|Date:||March 13-14, 2021|
|Location:||Cottonwood Spring, Joshua Tree National Park|
|Observing Time:||21:00 – 4:00 ( UTC – 8 / UTC -7) |
Daylight Savings Time Began 3/14 at 2:00 am
|Weather:||Clear, occasional breeze, Slightly humid, Seeing – 3/5|
|Temperature:||60°- 34° F (15° – 1° C)|
|Object||Constellation||Frames Layered||Combined Exposure|
|M 105||Leo||5||21 min|
|M 104 (Sombrero Galaxy)||Virgo||4||21 min|
|M 83 (Southern Pinwheel Galaxy)||Hydra||5||28 min|
|M53||Coma Berenices||3||13 min|
Even with a system of rare winter storms over Southern California, which usually means just rain unless you live high enough for it to snow, March 13 was the only night during March’s new moon season that it would be cloudy over the metros but clear above the deserts.
Being a Saturday night, the area was packed with hikers and campers alike with the campsites being full, as well as the Cottonwood Spring parking lot, where I chose to set up. Plenty of people of course saw my telescope and approached out of curiosity, and the reason why this night’s photography production run may feel lacking is simply because I spent a good amount of time presenting constellations to strangers, answering their questions, and letting them look at great visual targets like the Orion Nebula, Pleiades, and the paring of M81 and M82. At one point, I had a line of people waiting – it felt like a Telescope Demonstrator shift back at Griffith Observatory!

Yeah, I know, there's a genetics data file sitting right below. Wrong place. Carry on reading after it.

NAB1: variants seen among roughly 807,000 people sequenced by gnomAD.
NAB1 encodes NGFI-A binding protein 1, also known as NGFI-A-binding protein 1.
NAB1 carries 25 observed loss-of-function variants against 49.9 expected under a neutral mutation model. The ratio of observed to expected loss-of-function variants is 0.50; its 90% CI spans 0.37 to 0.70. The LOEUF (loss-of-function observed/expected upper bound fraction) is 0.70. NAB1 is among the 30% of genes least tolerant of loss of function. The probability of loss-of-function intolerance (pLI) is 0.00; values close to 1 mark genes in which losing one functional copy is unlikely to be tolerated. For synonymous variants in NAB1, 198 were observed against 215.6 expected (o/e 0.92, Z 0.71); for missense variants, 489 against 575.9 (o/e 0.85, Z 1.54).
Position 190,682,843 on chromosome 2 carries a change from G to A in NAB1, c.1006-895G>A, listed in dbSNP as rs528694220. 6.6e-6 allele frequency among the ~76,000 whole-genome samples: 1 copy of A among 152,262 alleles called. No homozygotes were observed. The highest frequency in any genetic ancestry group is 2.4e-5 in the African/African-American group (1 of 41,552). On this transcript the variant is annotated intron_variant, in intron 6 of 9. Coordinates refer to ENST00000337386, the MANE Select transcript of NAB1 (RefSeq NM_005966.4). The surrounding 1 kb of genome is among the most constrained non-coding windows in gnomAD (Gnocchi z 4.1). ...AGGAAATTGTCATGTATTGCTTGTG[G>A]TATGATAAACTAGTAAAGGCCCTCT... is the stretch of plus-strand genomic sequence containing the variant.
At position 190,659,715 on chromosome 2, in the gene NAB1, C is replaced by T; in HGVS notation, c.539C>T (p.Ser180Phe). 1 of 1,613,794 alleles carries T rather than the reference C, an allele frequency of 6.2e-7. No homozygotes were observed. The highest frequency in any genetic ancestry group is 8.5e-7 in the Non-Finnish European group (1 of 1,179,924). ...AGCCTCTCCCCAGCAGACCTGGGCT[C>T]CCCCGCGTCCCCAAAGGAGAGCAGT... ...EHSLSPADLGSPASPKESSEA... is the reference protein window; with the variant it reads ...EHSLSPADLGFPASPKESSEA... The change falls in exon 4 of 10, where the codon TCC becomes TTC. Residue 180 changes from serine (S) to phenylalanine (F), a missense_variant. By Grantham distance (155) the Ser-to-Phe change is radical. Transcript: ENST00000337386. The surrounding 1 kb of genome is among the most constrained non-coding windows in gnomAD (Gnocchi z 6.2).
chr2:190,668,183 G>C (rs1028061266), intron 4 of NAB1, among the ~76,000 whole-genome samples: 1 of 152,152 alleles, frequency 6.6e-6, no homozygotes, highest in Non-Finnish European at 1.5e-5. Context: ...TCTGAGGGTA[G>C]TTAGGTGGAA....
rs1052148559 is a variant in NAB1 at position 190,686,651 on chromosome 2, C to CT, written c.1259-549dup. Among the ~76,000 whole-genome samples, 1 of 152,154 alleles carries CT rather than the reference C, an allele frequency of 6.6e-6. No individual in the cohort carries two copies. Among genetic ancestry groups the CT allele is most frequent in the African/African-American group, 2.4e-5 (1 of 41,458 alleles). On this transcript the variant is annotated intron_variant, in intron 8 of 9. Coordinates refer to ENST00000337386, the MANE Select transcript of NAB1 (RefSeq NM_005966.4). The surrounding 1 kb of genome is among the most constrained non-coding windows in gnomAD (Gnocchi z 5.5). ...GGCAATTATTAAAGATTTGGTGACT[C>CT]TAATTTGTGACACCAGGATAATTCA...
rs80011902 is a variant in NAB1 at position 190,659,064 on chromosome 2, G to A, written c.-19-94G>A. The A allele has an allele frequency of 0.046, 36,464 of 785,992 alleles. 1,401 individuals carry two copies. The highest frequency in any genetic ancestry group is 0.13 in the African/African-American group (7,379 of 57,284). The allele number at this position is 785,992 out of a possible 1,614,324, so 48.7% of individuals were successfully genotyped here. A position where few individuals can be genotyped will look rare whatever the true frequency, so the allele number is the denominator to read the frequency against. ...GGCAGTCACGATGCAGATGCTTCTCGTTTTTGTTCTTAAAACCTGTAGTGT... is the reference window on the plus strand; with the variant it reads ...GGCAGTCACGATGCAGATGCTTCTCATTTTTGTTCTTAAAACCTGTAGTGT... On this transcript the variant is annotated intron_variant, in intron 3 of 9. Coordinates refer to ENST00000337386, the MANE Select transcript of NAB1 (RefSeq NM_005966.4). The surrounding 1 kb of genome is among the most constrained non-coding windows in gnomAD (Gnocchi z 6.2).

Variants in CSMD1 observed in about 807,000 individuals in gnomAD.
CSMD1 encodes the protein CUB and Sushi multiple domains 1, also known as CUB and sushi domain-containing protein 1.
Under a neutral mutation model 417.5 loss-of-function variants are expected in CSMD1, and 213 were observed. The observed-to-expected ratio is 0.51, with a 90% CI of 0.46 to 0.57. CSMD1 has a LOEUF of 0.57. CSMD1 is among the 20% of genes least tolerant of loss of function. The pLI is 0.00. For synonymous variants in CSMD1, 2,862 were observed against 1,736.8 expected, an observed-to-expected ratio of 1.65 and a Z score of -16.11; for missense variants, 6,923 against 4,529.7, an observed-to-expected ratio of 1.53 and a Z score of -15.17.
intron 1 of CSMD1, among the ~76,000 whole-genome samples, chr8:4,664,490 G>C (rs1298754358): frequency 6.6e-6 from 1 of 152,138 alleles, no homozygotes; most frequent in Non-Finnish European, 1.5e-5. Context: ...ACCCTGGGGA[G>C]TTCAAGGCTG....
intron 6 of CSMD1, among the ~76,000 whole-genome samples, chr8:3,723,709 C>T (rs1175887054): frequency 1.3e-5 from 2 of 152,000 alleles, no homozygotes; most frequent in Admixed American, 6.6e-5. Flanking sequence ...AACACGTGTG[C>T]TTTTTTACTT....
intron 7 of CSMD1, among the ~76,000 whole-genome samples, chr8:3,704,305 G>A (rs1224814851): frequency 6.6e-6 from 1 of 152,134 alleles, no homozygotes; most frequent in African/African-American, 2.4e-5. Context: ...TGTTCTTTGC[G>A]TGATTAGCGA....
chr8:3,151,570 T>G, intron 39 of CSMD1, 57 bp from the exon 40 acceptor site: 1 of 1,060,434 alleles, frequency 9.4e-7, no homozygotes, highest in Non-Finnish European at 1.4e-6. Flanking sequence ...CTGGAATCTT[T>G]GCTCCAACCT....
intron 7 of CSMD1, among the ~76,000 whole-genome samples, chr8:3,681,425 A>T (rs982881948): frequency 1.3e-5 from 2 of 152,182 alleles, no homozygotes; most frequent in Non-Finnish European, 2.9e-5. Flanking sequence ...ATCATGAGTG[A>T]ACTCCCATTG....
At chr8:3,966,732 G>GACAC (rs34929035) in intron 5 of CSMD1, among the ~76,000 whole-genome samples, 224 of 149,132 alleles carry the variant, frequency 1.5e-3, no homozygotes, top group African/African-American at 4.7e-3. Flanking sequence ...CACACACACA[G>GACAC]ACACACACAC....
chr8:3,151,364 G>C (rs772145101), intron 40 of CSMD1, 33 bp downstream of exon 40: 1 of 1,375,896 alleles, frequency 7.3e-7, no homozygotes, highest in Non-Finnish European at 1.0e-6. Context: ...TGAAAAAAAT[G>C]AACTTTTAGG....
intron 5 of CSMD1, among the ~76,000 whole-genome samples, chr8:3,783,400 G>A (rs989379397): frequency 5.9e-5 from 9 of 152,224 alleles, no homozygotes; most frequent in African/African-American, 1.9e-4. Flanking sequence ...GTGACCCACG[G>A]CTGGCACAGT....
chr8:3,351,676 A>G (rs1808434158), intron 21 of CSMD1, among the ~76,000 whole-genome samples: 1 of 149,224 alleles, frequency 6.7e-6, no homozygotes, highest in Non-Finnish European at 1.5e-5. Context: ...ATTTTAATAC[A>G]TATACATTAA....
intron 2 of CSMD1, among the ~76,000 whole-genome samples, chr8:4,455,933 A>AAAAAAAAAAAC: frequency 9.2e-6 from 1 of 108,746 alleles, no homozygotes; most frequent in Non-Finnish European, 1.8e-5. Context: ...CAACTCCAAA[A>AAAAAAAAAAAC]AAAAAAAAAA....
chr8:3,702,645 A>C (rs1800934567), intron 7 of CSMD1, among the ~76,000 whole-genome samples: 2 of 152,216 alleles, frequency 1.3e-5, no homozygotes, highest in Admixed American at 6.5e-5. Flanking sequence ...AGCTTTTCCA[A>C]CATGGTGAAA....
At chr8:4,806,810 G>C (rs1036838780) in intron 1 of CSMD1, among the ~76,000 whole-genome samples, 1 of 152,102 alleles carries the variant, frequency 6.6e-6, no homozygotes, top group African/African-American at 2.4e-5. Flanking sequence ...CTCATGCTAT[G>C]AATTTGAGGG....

Another group of hikers were lounging around after dark… I don’t know if they could see my telescope setup or if the cars between us were blocking their view, but I could still hear them quite well. I overheard them ask each other, “which one is the North Star? Does anyone know?” Which I of course spoke up and used my lasers to point it out. A few minutes later, I heard one of them talk amongst their group, “I’d really like to know what constellations are up right now.” And again, I spoke up and said “I can hear you guys! I’ll gladly show you!” So I gave them a presentation as well.
Just as I said to a mother who brought her daughter to see the dark sky for the first time, “Even if it may take time away from me imaging, I’ll gladly present to people because I don’t want to turn people off from the cosmos. We do what we do at the Observatory to get people excited and generate interest in space, not make it seem like we’re all part of a snobby clique.”
After successful f/5 pictures, I also tried shooting at f/10 with my 2″ 2X Barlow for 2000mm focal length of because, why not? Well, surely that was a mistake and waste of time – which is another reason why the finished pictures are lacking…. f/10 Shots of Vega, M13, and M57 just did not pan out well at all. Maybe next time I should try rebalancing, or just seriously think about getting an 8″ or 9.25″ f/10 SCT and an off-axis guider. Eventually I’m going to run out of all the large targets to shoot!
I am still overall happy with the shots that are featured. I’m especially happy with the wide angle rising Milky Way shots, especially for the Summer Triangle – I fell there’s a lot of character with that one. The funny thing about this particular shot is that my hands started freezing when trying to take it, and I remember wondering “huh? I thought the lows were going to stay in the mid 40s;” Only to get in my car for the drive home, and seeing the outside temperature reading 34° F (1° C). “Oh, that’s why!”